The Situationist

Archive for April 25th, 2008

The Situation of Noisy Neighbors

Posted by The Situationist Staff on April 25, 2008

On The Situationist, we regularly examine the ways in which people under-appreciate, or altogether miss, the extent to which the situation around and within them influences their thoughts, beliefs, attitudes, and behaviors.

Sometimes, though, the situation is more obvious than subtle. Take, for instance, the situation of noise and disruption emanating from your neighbors. Mickey West of the Canada West News Service discusses a new real estate survey which reveals how people associate the age, marital status, and presence of children with “good neighbors” and “bad neighbors.” Below we excerpt a portion of the story.

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A new real estate survey finds more than half of homeowners – fully 58 per cent – see twosomes without tots as ideal next-door denizens, followed closely by retirees at 54 per cent (survey respondents weren’t limited to one answer). Also popular among the suburban set are singles, with 38 per cent support, and pet owners at 28 per cent.

Students are listed among the worst neighbours (46 per cent), with most respondents saying their presence devalues bordering properties by as much as 10 per cent. Others on the laundry list of undesirables include unrelated people in shared housing (37 per cent), families with teenagers (37 per cent), and families with young children (20 per cent).

A Canadian real estate expert with nearly 30 years experience in the business says the results of the Australian survey of 1,579 people ring true.

“(Neighbours) not only impact the value of the subject property, they can also negatively impact your lifestyle,” says Les Phillips, past president of the Alberta Real Estate Association. “Think noisy, unruly neighbours who party around the firepit until all hours, with a few wrecked cars on the street for good measure.”

In the business, he says the effect is known as “locational obsolescence.” It describes something that influences property value but cannot be controlled or cured by the homeowner. Excessive street noise is an example.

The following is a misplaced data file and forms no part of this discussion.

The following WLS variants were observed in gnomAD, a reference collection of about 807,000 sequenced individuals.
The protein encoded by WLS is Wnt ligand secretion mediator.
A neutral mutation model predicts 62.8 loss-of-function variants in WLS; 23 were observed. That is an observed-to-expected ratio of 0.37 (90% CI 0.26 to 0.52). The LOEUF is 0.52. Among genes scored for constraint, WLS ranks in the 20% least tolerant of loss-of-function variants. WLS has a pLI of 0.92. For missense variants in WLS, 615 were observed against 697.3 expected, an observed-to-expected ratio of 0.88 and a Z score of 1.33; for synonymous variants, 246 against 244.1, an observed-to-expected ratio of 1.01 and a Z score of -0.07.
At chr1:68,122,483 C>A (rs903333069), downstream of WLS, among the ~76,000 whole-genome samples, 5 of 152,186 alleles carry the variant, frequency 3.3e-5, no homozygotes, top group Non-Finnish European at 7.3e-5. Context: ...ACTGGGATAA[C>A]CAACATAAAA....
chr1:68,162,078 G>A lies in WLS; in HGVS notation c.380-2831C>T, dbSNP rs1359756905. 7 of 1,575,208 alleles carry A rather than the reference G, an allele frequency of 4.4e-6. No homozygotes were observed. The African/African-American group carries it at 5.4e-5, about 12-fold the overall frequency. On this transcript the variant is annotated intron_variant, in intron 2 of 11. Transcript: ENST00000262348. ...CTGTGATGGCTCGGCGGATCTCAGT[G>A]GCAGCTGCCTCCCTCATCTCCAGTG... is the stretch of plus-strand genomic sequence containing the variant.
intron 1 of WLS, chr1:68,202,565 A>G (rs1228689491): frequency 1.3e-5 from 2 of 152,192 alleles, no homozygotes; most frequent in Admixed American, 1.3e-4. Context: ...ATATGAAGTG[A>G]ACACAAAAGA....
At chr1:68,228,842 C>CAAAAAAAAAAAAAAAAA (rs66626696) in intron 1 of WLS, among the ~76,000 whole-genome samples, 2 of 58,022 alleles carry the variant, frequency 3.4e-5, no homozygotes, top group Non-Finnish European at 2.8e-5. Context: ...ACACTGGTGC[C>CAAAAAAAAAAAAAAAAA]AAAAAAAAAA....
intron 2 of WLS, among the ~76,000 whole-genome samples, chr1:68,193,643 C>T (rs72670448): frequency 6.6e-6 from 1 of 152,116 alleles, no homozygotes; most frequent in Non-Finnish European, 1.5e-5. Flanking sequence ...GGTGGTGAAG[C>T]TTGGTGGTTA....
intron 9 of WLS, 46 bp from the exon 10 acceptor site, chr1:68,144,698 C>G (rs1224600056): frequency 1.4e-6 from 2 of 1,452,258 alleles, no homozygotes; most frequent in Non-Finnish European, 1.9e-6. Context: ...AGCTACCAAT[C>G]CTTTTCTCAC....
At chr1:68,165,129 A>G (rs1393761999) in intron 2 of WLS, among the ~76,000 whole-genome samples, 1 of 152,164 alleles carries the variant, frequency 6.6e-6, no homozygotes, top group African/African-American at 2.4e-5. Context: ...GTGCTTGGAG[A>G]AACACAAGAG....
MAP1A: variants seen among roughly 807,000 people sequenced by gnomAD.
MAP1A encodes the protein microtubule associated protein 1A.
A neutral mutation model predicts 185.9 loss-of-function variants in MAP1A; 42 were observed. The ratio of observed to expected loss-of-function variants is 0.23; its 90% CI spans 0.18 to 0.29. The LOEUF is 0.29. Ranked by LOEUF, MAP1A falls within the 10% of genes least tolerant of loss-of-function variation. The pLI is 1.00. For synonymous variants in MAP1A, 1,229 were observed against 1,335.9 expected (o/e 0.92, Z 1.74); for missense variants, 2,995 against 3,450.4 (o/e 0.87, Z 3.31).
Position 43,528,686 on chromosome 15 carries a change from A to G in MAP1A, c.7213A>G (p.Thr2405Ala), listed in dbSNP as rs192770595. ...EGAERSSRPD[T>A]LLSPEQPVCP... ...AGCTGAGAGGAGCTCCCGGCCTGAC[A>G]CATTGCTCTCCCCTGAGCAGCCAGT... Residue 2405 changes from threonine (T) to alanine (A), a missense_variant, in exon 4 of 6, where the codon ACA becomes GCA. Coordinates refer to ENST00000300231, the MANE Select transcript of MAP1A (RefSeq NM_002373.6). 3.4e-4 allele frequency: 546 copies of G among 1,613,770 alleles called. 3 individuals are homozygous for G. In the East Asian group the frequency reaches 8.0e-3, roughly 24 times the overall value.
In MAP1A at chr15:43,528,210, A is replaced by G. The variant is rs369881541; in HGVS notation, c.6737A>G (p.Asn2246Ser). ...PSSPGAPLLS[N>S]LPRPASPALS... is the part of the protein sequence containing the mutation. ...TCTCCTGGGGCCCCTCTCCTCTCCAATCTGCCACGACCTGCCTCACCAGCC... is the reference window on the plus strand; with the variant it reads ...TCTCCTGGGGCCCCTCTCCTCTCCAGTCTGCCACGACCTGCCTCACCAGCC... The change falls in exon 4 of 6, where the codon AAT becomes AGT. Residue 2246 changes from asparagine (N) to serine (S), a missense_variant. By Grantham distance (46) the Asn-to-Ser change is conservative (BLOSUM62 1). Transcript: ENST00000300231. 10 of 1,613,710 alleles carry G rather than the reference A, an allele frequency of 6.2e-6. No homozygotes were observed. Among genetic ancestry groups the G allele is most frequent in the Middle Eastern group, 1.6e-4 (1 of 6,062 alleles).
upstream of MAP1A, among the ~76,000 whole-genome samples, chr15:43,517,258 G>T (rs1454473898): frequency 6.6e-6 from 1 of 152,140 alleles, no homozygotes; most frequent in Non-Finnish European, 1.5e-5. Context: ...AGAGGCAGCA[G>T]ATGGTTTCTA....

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For the rest of the story, click here. For other Situationist posts on housing, click here.

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Judy Norman’s Situation – Abstract

Posted by The Situationist Staff on April 25, 2008

by Alli' Cat' on FlickrMarina Angel posted her important article, “Why Judy Norman Acted in Reasonable Self-Defense: An Abused Woman and a Sleeping Man” (forthcoming in Buffalo Women’s Law Journal) on SSRN. Here is the abstract.

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The reasonable man has been replaced by the reasonable person, but that person still functions within legal doctrines conceived by men and interpreted to fit the facts of men’s lives. To understand why it is sometimes reasonable for an abused woman to kill her abuser while he is asleep or otherwise incapacitated, basic criminal law doctrines do not have to be changed. They do, however, have to be applied to the facts of abused women’s lives.

The issue of exit – why didn’t she leave – must be explained. Concepts of time – immediate, imminent, and cyclical – must be reassessed. Discredited theories that label abused women who kill their abusers as suffering from insanity, a syndrome, or learned-helplessness, must be rejected. Only then can reasonableness under either the common law or the Model Penal Code be applied to the case of an abused woman who kills her sleeping abuser.

North Carolina v. Judy Ann Laws Norman provides the facts of one abused woman who killed a sleeping man. The overwhelming number of abused women who kill their abusers do so in normal confrontation cases. The abused woman who kills a sleeping or otherwise incapacitated abuser presents the most dramatic and challenging situation. Norman is the case which is included in most basic first year criminal law books. I hope this short essay will assist both teachers and students in their examination of woman abuse, and specifically Judy Norman’s case.

Posted in Abstracts, Choice Myth, Conflict, Law, Life | Tagged: , , , , , | Leave a Comment »

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